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Assessment of nuclear, mitochondrial and chloroplast RFLP markers in oil palm (Elaeis guineensis Jacq.)

Jack, P.L., Dimitrijevic, T.A.F., Mayes, S.
Theoretical and applied genetics 1995 v.90 no.5 pp. 643-649
Elaeis guineensis, Elaeis oleifera, genetic markers, restriction fragment length polymorphism, mitochondrial DNA, chloroplasts, DNA, DNA probes, ribosomal DNA, Southern blotting, genome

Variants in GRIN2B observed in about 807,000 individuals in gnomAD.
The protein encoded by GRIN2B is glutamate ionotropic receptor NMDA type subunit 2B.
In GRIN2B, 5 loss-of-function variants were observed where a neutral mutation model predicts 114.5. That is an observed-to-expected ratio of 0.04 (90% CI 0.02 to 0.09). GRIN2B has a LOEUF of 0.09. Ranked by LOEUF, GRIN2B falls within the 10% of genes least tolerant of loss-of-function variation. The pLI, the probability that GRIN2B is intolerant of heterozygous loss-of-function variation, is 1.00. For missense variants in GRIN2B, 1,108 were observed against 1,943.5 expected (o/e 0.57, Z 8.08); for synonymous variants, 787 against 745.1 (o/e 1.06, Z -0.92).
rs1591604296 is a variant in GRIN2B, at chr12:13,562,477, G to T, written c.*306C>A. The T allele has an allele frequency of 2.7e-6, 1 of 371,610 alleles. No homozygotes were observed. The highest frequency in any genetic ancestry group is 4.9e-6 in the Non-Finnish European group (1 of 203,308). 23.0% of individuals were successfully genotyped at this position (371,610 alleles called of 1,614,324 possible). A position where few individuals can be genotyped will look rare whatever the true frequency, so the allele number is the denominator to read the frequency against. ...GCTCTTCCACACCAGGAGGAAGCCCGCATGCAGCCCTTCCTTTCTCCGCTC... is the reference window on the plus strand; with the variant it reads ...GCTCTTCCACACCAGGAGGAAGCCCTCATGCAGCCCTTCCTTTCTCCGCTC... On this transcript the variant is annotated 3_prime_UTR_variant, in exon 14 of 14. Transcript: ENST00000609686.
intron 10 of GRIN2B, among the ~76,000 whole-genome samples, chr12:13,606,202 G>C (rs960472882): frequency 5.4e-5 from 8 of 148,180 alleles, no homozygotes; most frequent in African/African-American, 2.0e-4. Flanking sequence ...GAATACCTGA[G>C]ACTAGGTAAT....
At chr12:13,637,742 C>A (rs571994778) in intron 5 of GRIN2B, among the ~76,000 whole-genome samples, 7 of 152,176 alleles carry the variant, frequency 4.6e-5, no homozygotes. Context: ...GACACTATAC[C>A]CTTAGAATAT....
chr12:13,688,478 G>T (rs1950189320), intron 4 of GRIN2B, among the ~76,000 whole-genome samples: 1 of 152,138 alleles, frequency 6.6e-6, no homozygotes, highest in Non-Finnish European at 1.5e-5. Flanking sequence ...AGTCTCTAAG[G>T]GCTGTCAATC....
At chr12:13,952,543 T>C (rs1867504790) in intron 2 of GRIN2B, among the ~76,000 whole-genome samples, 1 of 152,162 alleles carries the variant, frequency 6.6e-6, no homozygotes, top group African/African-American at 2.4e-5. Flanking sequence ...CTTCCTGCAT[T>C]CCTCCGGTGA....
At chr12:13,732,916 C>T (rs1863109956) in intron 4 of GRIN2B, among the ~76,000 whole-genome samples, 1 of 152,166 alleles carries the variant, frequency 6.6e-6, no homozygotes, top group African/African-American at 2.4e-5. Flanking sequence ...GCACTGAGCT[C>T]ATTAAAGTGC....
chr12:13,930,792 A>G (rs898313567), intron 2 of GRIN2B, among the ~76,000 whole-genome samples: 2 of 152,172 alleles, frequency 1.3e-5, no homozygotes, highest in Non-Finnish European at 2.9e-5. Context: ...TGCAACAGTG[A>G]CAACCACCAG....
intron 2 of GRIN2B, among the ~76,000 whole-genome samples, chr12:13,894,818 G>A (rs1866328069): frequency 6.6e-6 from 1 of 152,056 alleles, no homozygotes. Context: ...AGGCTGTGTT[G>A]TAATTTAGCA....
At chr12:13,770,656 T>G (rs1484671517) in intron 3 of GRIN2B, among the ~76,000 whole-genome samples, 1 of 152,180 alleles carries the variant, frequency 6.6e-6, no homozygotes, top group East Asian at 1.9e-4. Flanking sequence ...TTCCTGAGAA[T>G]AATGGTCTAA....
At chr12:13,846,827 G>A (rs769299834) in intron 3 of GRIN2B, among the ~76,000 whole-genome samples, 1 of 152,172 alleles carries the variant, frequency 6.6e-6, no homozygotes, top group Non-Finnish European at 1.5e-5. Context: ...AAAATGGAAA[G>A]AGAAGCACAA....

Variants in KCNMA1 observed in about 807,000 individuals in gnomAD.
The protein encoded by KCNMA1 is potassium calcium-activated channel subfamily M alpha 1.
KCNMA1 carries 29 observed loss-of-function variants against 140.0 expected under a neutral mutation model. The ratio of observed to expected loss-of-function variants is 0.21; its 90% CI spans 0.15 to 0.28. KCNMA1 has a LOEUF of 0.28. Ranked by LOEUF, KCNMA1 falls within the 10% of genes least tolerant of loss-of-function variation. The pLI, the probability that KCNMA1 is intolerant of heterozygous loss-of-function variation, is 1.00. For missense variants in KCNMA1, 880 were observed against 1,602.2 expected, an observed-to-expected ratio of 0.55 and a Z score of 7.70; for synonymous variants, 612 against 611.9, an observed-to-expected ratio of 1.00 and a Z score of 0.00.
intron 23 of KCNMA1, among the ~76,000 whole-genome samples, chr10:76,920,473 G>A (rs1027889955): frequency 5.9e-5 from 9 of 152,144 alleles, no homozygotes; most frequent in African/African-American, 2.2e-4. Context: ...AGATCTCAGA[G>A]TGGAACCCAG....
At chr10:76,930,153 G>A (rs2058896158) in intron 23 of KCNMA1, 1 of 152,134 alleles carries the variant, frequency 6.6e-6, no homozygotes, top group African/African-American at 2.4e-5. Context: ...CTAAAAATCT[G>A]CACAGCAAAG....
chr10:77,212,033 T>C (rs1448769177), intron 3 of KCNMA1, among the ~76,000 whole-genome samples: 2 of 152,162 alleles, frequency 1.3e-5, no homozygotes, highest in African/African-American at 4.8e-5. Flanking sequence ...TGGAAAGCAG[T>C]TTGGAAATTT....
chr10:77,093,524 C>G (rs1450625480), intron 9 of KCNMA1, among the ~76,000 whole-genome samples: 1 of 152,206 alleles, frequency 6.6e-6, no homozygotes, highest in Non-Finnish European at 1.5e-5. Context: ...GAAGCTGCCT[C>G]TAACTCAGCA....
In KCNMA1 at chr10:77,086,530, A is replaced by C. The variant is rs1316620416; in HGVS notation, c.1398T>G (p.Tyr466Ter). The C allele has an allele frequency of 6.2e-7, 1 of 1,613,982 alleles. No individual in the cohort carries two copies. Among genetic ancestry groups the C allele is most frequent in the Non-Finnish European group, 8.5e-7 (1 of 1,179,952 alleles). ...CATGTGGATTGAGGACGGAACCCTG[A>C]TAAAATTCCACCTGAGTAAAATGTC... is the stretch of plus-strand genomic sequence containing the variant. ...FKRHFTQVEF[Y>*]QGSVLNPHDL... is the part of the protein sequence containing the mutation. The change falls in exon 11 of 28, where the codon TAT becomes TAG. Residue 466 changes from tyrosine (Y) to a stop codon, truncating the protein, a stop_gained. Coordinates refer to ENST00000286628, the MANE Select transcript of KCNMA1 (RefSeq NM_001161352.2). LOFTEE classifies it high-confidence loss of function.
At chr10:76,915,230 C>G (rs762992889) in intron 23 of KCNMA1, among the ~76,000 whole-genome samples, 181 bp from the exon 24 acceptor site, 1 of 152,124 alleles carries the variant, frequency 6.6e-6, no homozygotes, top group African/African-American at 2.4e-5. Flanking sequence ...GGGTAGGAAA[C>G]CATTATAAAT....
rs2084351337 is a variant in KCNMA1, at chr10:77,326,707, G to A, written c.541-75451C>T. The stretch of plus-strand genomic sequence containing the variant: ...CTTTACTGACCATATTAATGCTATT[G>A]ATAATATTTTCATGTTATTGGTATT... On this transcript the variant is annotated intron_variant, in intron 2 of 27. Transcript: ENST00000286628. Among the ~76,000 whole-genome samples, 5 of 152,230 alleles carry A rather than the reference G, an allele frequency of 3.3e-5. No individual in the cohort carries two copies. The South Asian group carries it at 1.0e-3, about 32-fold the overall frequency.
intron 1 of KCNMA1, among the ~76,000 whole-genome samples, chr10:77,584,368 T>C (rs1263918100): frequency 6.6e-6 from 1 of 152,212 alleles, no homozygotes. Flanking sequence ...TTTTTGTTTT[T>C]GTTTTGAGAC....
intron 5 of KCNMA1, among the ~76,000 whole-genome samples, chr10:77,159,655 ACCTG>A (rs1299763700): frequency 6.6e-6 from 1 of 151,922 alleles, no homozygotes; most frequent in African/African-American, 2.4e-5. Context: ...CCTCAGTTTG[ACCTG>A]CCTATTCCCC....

A variety of DNA probes was used to screen a diverse set of oil palm accessions in order to identify markers with a utility in genotype discrimination. This survey included samples of the commercial oil palm native to Africa (Elaeis guineensis Jacq.), the closely-related South American species [E. oleifera (HBK) Cortes] and inter-specific hybrids of the two. Of 106 major chloroplast bands none showed differences between E guineensis and E. oleifera. Mitochondrial and ribosomal probes were more informative inter-specifically (the former allowing identification of the maternal inheritance of mitochondria) and may be useful in hybrid breeding programmes; however, they were unable to identify polymorphism within E. guineensis. In contrast, low-copy nuclear genomic clones were able to identify intra-specific variation, though in most cases they revealed a relatively small number of allelic variants. One DNA probe showed a much larger number of band variants, revealing ten patterns amongst 13 E. guineensis accessions, and should prove useful in genetic fingerprinting and evaluation of oil-palm germplasm collections.